Love is dangerous!

Posted on March 20, 2015 · Posted in Communication, Sanctification

Love is often represented by soft, cuddly, warm images. It is common to hear sentiments that all the world needs is a little more love. We are told that love is something anyone can do. But are these common thoughts about love accurate?

From God’s perspective to love is to identify with Christ. I Corinthians 13:4-7, offers practical examples. In part this means:

To identify with Christ is to invite the same opposition that he invited.
Biblical love does not mix well with a world that is bent on pleasing itself. Committing to love is committing to war.
Love is not for the faint of heart.
True love means a commitment to die to yourself.
Love means that you care less for yourself and more for others.
Love means that you care for God first and other people second.
Love means being patient when others sin against you.
Love is not easily irritated.
Love often means doing something you really do not want to do.
Biblical love takes great personal courage.
Love is dangerous.

No one loved more perfectly than Jesus Christ. How did the world receive his love?

If we talk about Jesus’ love as best expressed in the gospel, how is that received in our culture. To love Christ means to love him exclusively. You cannot love God and something else. Rather, we best love others by loving God first and most.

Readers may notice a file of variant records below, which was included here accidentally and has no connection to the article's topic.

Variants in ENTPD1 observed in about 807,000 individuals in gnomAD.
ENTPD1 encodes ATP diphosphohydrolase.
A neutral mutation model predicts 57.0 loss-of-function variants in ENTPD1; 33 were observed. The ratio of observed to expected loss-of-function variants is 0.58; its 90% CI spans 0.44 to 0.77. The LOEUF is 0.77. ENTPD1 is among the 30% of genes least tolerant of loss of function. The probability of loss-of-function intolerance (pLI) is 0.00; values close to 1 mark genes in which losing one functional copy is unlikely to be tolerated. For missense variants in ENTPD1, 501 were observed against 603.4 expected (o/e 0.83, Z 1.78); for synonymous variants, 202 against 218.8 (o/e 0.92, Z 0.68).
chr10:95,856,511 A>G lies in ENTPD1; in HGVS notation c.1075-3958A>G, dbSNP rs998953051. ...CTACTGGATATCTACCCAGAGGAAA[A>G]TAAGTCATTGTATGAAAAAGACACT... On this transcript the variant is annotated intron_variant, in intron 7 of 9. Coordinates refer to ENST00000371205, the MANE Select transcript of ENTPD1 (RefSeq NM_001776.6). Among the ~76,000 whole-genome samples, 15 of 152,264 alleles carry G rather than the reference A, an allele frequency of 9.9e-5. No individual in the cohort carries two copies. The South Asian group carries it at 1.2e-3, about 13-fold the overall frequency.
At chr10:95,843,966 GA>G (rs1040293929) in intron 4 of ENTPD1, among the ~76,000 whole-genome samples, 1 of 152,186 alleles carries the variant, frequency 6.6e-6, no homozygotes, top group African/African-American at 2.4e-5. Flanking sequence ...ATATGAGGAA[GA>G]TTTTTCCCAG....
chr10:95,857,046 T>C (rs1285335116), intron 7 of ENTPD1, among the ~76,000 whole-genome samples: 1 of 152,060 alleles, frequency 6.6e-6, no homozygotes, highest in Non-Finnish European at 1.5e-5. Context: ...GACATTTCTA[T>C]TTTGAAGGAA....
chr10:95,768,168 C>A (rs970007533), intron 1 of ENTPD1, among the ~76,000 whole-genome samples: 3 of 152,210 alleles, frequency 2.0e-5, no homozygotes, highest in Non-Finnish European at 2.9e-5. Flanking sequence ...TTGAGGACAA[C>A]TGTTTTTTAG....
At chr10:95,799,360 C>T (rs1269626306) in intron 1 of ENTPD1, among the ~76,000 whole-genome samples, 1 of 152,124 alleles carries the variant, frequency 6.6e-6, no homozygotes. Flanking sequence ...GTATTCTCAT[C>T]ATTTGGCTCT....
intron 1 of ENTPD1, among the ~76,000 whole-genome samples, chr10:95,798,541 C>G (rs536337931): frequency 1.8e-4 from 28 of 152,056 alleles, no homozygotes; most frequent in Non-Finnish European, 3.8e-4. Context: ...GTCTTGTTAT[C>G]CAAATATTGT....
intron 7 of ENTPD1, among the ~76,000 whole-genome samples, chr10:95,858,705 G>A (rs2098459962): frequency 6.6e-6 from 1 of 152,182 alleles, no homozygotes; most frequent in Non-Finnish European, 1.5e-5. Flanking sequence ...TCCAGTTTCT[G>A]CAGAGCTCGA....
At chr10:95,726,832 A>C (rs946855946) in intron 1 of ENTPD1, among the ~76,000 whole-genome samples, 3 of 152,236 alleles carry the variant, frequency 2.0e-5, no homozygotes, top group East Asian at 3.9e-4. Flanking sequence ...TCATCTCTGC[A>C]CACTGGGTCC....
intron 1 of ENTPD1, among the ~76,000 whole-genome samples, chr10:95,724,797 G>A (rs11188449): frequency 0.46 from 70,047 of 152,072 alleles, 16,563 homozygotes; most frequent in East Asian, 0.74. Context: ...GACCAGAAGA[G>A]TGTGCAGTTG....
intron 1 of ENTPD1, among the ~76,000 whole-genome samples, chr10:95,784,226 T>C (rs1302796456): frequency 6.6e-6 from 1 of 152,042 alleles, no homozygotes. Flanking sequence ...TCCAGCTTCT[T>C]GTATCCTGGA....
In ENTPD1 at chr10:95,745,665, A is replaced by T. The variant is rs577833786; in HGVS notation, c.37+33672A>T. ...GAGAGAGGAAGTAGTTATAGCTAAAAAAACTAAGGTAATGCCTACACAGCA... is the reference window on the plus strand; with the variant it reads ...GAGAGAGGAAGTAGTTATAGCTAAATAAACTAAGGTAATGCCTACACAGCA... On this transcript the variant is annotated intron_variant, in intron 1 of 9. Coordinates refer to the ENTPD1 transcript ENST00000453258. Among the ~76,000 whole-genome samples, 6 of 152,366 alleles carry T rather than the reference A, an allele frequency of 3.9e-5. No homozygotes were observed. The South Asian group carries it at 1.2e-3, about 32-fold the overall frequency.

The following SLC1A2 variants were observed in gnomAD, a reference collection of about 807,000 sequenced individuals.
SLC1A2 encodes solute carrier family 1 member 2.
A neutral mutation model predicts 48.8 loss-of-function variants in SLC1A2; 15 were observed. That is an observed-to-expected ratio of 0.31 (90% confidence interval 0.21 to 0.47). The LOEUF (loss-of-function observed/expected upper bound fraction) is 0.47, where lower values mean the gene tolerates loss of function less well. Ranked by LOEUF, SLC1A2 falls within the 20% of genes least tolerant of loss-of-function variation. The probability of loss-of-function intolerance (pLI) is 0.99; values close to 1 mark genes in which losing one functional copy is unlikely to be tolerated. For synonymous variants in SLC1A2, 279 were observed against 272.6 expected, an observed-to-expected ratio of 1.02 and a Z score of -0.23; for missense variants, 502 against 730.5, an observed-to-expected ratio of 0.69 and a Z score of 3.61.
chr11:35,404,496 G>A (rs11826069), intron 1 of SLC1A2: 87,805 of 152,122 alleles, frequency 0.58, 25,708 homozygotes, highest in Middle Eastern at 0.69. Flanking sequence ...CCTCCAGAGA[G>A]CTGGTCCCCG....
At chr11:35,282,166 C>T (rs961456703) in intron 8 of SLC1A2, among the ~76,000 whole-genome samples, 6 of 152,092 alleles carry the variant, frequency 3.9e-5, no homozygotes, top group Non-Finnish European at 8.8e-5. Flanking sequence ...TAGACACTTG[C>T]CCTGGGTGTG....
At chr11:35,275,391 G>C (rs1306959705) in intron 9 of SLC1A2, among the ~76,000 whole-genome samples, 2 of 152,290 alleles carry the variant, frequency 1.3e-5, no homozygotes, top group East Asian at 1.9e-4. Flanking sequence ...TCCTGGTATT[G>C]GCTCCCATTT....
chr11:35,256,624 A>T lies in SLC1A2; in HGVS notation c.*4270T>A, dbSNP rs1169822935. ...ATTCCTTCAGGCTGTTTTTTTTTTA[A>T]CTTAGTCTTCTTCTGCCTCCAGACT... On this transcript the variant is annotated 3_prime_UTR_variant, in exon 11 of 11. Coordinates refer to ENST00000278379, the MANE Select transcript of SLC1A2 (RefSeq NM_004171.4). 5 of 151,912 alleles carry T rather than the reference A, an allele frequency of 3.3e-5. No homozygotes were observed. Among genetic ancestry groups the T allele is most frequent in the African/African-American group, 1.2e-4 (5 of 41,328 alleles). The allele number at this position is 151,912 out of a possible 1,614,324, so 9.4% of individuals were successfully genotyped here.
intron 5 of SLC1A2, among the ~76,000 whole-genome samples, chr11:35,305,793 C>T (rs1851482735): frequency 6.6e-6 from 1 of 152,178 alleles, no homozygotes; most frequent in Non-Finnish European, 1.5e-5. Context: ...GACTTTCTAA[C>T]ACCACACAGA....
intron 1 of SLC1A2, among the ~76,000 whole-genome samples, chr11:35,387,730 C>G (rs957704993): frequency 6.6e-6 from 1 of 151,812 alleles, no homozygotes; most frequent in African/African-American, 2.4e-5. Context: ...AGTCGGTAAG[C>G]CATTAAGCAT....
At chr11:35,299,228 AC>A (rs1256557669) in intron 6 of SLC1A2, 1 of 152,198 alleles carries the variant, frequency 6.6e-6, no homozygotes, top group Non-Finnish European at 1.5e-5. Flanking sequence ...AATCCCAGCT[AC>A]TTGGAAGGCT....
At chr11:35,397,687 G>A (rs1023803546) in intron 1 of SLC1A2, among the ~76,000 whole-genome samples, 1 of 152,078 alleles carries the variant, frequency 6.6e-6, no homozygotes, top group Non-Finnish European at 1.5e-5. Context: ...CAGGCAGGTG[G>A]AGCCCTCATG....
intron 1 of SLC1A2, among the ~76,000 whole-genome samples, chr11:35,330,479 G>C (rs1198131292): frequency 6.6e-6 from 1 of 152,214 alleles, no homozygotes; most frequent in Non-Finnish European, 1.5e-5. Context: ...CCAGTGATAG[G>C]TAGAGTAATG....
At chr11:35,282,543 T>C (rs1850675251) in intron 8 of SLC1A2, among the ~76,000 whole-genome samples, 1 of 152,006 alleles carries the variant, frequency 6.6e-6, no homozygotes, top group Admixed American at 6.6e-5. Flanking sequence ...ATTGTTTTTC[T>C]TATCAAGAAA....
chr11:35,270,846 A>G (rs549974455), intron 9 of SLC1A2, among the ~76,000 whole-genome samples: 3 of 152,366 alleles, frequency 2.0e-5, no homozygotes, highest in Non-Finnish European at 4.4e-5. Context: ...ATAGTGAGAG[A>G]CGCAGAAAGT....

Only the heart-changing power of the Holy Spirit can enable you to love. This is why love is part of the Spirit’s fruit. Love does not initiate with me, but by the example and calling of Christ.

Christ loved me when I was unlovely. Is this how you love?

Teach your children about true biblical love. But when you do, remember to tell them that love is dangerous!

Jay Younts
Jay Younts is the Shepherd Press blogger. He is the author of Everyday Talk and other materials on parenting. He has been teaching and speaking on parenting issues for 30 years. Jay and his wife, Ruth, live in Fountain Inn, South Carolina. He serves as a ruling elder at Redeemer Presbyterian Church in Moore, South Carolina. He and Ruth have five adult children.